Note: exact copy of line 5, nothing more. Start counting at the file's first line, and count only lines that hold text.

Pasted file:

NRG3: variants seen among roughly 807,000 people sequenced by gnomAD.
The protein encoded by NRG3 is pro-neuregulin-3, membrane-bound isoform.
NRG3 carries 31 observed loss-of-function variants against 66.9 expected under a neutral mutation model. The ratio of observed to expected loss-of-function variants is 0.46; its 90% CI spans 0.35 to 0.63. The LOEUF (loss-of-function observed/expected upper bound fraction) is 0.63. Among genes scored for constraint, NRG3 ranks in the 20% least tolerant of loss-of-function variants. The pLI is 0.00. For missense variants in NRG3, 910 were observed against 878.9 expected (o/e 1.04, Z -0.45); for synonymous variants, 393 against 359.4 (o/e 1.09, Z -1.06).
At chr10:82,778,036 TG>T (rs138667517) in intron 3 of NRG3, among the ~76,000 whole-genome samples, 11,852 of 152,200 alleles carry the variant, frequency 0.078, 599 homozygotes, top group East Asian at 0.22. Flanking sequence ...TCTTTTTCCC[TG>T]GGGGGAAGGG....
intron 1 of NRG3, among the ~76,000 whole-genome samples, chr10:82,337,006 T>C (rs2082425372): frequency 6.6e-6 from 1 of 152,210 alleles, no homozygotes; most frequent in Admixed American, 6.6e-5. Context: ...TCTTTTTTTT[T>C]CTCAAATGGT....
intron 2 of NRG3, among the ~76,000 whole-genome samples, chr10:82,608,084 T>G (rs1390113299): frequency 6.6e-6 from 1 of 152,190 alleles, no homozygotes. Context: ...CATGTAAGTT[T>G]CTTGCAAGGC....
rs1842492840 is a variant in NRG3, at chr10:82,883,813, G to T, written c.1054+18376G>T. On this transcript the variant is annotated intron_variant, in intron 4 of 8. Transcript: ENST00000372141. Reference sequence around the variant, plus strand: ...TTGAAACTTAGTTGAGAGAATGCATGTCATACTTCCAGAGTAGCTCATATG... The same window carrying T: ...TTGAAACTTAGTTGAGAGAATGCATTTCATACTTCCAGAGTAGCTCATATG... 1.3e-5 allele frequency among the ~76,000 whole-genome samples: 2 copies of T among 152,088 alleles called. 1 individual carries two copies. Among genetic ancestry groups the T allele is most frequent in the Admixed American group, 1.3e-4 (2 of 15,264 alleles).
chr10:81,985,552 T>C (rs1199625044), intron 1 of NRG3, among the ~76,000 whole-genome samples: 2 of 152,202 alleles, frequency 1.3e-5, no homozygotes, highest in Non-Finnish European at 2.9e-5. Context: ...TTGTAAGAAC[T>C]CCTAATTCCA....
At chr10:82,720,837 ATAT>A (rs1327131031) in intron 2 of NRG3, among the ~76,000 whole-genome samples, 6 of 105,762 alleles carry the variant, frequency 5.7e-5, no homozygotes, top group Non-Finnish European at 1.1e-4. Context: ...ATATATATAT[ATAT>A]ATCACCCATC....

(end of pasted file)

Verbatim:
intron 1 of NRG3, among the ~76,000 whole-genome samples, chr10:82,337,006 T>C (rs2082425372): frequency 6.6e-6 from 1 of 152,210 alleles, no homozygotes; most frequent in Admixed American, 6.6e-5. Context: ...TCTTTTTTTT[T>C]CTCAAATGGT....